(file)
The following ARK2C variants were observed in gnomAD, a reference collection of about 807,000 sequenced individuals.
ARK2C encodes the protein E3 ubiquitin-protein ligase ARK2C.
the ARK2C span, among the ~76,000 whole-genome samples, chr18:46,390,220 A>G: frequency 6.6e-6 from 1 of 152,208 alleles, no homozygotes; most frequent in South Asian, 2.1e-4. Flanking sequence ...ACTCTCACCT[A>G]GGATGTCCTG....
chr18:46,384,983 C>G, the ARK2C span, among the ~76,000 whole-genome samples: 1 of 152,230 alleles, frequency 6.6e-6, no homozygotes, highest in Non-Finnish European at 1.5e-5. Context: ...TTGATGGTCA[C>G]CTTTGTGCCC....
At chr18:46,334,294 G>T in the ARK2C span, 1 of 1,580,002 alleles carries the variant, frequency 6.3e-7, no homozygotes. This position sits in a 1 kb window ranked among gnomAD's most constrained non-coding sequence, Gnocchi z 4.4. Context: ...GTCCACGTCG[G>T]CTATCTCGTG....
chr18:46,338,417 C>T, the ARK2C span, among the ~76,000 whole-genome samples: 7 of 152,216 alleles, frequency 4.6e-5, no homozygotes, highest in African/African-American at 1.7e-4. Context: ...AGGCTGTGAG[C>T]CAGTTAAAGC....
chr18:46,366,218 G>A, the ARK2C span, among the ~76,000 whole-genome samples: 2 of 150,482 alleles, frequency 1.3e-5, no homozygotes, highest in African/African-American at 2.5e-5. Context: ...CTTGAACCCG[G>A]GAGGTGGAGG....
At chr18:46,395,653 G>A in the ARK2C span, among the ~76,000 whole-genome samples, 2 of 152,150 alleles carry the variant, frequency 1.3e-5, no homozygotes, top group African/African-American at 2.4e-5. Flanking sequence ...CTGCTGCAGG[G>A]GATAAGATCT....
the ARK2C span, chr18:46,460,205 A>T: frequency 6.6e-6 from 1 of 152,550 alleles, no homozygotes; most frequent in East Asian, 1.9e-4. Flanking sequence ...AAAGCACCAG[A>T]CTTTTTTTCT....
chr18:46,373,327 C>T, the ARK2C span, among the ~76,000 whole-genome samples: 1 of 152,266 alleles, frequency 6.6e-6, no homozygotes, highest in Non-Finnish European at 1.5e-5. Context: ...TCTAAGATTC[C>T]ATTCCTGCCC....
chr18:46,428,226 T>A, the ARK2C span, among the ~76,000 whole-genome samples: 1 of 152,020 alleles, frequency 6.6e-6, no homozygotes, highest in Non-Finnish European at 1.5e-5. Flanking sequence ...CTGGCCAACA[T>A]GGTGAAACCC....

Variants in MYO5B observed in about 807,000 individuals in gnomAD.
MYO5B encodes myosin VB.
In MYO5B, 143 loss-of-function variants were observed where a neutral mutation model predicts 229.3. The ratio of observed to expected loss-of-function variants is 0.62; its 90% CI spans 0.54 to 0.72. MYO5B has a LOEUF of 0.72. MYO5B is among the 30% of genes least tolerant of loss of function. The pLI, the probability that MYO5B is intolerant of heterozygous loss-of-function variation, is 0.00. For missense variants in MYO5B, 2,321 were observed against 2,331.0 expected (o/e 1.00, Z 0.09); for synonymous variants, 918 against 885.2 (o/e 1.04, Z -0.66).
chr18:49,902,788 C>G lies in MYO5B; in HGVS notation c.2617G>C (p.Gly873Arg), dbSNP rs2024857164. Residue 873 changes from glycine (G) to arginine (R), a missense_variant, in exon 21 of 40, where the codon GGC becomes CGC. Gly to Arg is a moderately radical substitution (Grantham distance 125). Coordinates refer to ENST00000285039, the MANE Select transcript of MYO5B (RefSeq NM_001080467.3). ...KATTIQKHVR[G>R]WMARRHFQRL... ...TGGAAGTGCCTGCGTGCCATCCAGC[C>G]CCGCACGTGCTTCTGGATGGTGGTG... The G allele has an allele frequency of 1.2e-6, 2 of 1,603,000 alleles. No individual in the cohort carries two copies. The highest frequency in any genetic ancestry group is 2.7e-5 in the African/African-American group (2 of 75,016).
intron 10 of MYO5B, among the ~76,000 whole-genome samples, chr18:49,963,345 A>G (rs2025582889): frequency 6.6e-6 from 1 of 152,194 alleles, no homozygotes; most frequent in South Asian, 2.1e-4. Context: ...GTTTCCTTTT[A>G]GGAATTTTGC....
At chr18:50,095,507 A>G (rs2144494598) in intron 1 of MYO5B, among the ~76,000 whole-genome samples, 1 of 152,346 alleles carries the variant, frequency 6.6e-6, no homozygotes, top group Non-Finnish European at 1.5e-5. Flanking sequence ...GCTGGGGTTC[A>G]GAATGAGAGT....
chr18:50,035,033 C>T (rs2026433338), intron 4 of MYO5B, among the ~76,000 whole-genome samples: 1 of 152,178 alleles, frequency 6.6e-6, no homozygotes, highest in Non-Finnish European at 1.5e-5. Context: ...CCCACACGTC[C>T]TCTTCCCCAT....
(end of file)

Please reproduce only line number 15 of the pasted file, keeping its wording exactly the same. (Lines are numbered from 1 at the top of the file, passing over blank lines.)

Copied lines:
chr18:49,902,788 C>G lies in MYO5B; in HGVS notation c.2617G>C (p.Gly873Arg), dbSNP rs2024857164. Residue 873 changes from glycine (G) to arginine (R), a missense_variant, in exon 21 of 40, where the codon GGC becomes CGC. Gly to Arg is a moderately radical substitution (Grantham distance 125). Coordinates refer to ENST00000285039, the MANE Select transcript of MYO5B (RefSeq NM_001080467.3). ...KATTIQKHVR[G>R]WMARRHFQRL... ...TGGAAGTGCCTGCGTGCCATCCAGC[C>G]CCGCACGTGCTTCTGGATGGTGGTG... The G allele has an allele frequency of 1.2e-6, 2 of 1,603,000 alleles. No individual in the cohort carries two copies. The highest frequency in any genetic ancestry group is 2.7e-5 in the African/African-American group (2 of 75,016).